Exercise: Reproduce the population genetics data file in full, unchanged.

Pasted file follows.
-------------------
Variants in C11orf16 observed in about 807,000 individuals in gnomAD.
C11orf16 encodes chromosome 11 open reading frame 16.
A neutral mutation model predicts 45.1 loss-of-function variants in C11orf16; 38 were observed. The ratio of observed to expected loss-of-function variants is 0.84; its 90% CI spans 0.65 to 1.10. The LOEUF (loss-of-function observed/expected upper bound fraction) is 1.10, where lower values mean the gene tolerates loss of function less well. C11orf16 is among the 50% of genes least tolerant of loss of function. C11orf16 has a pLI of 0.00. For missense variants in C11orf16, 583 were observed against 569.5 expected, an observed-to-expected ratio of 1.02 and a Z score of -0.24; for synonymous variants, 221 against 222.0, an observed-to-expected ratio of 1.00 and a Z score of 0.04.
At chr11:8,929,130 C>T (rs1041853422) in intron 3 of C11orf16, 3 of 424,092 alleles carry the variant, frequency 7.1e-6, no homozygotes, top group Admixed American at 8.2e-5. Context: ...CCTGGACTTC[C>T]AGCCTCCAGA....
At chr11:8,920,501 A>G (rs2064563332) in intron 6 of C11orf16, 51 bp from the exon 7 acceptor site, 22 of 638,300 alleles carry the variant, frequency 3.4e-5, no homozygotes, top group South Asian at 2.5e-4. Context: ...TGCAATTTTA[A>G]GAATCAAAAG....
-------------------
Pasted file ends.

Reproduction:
Variants in C11orf16 observed in about 807,000 individuals in gnomAD.
C11orf16 encodes chromosome 11 open reading frame 16.
A neutral mutation model predicts 45.1 loss-of-function variants in C11orf16; 38 were observed. The ratio of observed to expected loss-of-function variants is 0.84; its 90% CI spans 0.65 to 1.10. The LOEUF (loss-of-function observed/expected upper bound fraction) is 1.10, where lower values mean the gene tolerates loss of function less well. C11orf16 is among the 50% of genes least tolerant of loss of function. C11orf16 has a pLI of 0.00. For missense variants in C11orf16, 583 were observed against 569.5 expected, an observed-to-expected ratio of 1.02 and a Z score of -0.24; for synonymous variants, 221 against 222.0, an observed-to-expected ratio of 1.00 and a Z score of 0.04.
At chr11:8,929,130 C>T (rs1041853422) in intron 3 of C11orf16, 3 of 424,092 alleles carry the variant, frequency 7.1e-6, no homozygotes, top group Admixed American at 8.2e-5. Context: ...CCTGGACTTC[C>T]AGCCTCCAGA....
At chr11:8,920,501 A>G (rs2064563332) in intron 6 of C11orf16, 51 bp from the exon 7 acceptor site, 22 of 638,300 alleles carry the variant, frequency 3.4e-5, no homozygotes, top group South Asian at 2.5e-4. Context: ...TGCAATTTTA[A>G]GAATCAAAAG....